More than 6,000 graduates took their seats together at Citizens Bank Park June 11 to be a part of Drexel University’s first University wide commencement in 20 years.
“It is one inspiring sight to see so much of the Drexel community gathered in one place,” President John A. Fry said in his opening speech.
Although the sun created a blanket of heat over the audience with the temperature near 85 degrees, it could not melt smiles off of the graduates who proudly took their final steps as Drexel students. As each major walked the field of Citizens Bank Park, large cheers filled the stadium. The voices of parents, siblings, aunts, uncles and friends unified all those who took different academic paths to reach the same goal of earning a Drexel diploma.
The commencement began with a prayer by Elder Gregory Johnson. He extended his congratulations, but made a point to mention more work that lies ahead.
“Celebration can only last for a moment because the work lies at the door of us all waiting for our exit,” he stated.
After a prayer from Johnson, President Fry took his turn at the podium to express how proud he was of the graduates. He wanted to make a point that he was not speaking to children about to go out into the real world but was expressing the fact that they have known the real world for many years.
“You have been out in the real world since the day you arrived on campus, building your professional careers and building a better society,” Fry explained. President Fry’s speech was filled with praise towards the graduates and his hope that they continue to contribute to society as they go into their professional careers.
Soon after President Fry spoke, the President of Drexel’s Undergraduate Student Government Association (USGA), James Gordon, took time to discuss the memories students may have formed with the Drexel community.
“College was more than just striving for success. It was late nights at the library, cheering as part of the DAC Pack, standing through Spring Jam in the pouring rain every single year, putting off your homework for weekend ski trips, infamous Powelton parties, dodging cars on Chestnut Street because we refuse to walk that extra twenty feet to the crosswalk, and of course, sledding down the art museum steps on dining hall trays, trash can lids, or whatever you could find,” Gordon said.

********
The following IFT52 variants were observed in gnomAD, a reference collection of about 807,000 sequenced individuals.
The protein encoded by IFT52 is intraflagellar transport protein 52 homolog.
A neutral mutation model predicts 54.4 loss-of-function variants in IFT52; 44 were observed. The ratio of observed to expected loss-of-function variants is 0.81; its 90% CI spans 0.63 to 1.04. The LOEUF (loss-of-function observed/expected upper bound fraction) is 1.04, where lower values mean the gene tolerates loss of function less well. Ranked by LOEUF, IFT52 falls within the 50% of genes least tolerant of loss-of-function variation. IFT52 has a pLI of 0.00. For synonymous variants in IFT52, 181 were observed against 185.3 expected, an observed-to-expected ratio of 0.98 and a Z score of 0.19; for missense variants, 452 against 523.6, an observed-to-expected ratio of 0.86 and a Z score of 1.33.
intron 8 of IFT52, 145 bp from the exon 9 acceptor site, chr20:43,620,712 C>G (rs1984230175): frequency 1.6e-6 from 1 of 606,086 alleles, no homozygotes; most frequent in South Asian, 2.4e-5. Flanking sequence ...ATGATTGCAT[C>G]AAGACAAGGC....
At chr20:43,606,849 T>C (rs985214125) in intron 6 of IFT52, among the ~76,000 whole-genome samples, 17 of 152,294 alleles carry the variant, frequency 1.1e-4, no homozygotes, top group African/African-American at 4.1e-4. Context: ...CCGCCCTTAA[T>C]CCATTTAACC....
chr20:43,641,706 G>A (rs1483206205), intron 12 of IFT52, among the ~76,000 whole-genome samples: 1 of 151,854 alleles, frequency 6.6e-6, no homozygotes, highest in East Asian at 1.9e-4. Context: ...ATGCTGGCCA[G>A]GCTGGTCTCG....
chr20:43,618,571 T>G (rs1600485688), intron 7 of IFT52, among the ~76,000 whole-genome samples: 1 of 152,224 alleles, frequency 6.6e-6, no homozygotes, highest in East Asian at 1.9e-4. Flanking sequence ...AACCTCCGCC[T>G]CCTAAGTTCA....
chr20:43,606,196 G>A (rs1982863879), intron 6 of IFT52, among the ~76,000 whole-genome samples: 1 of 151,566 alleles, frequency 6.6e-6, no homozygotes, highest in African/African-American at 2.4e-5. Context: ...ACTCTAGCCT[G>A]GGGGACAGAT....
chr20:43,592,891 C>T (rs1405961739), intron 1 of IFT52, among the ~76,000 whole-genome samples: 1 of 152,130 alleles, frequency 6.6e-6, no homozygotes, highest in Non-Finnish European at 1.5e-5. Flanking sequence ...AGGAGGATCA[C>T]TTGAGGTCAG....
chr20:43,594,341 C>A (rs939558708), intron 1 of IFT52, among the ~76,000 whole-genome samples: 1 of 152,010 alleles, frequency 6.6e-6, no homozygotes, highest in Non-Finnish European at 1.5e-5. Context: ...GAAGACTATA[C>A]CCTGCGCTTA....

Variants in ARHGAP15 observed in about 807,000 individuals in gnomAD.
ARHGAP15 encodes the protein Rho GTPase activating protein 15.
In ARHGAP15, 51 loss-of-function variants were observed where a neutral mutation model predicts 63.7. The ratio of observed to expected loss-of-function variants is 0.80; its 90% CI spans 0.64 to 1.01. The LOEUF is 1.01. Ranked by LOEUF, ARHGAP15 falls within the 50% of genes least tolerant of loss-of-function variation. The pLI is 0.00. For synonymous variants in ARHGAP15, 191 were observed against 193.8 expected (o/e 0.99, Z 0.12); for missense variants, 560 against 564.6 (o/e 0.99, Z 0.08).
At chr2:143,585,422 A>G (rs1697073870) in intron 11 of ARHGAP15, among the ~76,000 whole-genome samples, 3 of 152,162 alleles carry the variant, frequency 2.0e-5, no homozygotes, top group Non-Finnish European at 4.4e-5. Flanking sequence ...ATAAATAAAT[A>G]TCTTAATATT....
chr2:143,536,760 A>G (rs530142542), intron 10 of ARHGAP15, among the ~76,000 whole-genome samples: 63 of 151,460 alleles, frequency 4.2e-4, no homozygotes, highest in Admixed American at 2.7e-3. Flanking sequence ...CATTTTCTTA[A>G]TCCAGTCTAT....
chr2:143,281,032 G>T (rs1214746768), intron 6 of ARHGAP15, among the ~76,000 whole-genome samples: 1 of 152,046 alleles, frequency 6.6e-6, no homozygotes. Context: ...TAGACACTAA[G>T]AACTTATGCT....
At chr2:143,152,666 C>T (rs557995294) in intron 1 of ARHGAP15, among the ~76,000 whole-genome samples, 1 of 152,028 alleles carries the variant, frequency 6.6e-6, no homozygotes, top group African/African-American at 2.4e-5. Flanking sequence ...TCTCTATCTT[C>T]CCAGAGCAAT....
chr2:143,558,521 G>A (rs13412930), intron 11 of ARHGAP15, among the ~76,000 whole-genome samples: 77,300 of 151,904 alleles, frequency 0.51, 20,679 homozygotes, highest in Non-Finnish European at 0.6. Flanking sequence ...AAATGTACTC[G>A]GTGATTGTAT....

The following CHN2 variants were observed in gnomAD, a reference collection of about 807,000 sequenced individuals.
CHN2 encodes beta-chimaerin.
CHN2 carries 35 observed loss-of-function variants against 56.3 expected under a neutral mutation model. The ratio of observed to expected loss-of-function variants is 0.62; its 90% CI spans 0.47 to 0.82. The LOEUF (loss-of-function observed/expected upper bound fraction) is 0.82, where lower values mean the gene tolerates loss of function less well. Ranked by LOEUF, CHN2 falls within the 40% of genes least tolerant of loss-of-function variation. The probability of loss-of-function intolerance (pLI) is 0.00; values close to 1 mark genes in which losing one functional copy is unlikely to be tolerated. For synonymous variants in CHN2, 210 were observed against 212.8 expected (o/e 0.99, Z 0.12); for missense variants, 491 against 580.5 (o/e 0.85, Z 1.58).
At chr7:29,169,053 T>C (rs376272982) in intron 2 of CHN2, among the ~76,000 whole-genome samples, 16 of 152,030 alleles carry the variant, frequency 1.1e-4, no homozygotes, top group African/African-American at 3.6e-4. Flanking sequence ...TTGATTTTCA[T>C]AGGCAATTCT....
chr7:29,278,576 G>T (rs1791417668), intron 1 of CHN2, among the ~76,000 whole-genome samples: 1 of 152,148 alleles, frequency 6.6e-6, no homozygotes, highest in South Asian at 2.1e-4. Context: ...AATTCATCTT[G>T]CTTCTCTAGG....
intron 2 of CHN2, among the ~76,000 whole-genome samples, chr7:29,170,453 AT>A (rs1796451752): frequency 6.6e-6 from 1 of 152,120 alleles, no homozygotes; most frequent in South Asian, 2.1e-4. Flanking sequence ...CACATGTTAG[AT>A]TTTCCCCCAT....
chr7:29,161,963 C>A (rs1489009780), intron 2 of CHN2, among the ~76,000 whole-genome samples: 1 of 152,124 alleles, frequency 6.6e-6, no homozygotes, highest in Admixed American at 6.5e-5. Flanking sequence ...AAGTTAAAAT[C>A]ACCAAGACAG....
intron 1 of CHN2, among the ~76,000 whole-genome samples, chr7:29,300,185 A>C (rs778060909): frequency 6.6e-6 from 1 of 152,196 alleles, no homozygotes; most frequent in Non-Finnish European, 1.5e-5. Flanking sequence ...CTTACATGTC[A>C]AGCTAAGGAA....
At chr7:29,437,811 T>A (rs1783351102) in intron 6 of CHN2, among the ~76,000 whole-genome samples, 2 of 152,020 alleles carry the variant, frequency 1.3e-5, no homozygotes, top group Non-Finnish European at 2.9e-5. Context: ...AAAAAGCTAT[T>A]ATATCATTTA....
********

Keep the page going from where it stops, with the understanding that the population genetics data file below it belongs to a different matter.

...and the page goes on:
He ended his speech asking the graduates to promise that they will live without regrets and take chances to try new things in order to live life in the best way possible.
Laila Abdallah, President of the Graduate Student Association, followed up with a different approach. She took the time to give praise to those who helped the graduates get to this point as well as those who had helped her herself.
“Today, we are standing on the shoulders of giants. Here is to all the parents, families, mentors, coworkers, partners and everyone who has helped us reach this point,” Abdallah expressed.
Abdallah then went into a brief story about her family in regards to the difficulty each member had in trying to earn a degree. Due to the adversities that came their way, Abdallah was the first in her family to earn a diploma in 2013.
Abdallah ended her speech with a quote by Cesar Chavez: “We cannot seek achievement for ourselves and forget about progress and prosperity for our community … Our ambitions must be broad enough to include the aspirations and needs of others, for their sakes and for our own,” she said. She ended with this quote in hopes that the graduates will contribute to make the world a better place for all.
Later in the commencement, Donna Shalala, the guest of honor, began by taking a selfie with the graduates. Once those in attendance finished laughing, she began to speak. Her speech, despite containing serious moments, was very lighthearted and playful. She relayed a time when a student of hers gave an interesting answer on the subject of Socrates.
“Socrates was a famous teacher who went around trying to give people advice. They poisoned him,” she recounted.
She used this memorable moment in her life to segue into giving advice to the Drexel graduates. Rather than using a typical method, however, she chose to use lessons from Star Wars.
“Identify what is important to you and have the courage to stand up for your values,” she said, alluding to the first. “While you should remain true to your values, you should always be ready for a plot twist.”
“Expect the unexpected,” was lesson two. Followed by lesson three that “there is strength in diversity.”
Shalala’s fourth and final lesson that she explained was: “Everyone here has the power within yourself to change the world.”
Her speech also conveyed the need of being accepting of yourself and others in order to provide change throughout the world.
Once all the speeches had concluded, it was finally time for the conferral of degrees.
There were one to two representatives that came up to accept the degree on behalf of all the students that earned it within each major. When graduates from a major were recognized, students stood to their feet to be acknowledged. The camera traveled through the crowd to show all the smiling faces and the many colored cords draped over students’ graduation robes.
This first University wide commencement in 20 years was more than just a celebration of Drexel’s 125th year; it allowed the graduates to enjoy one last moment together as Drexel Dragons.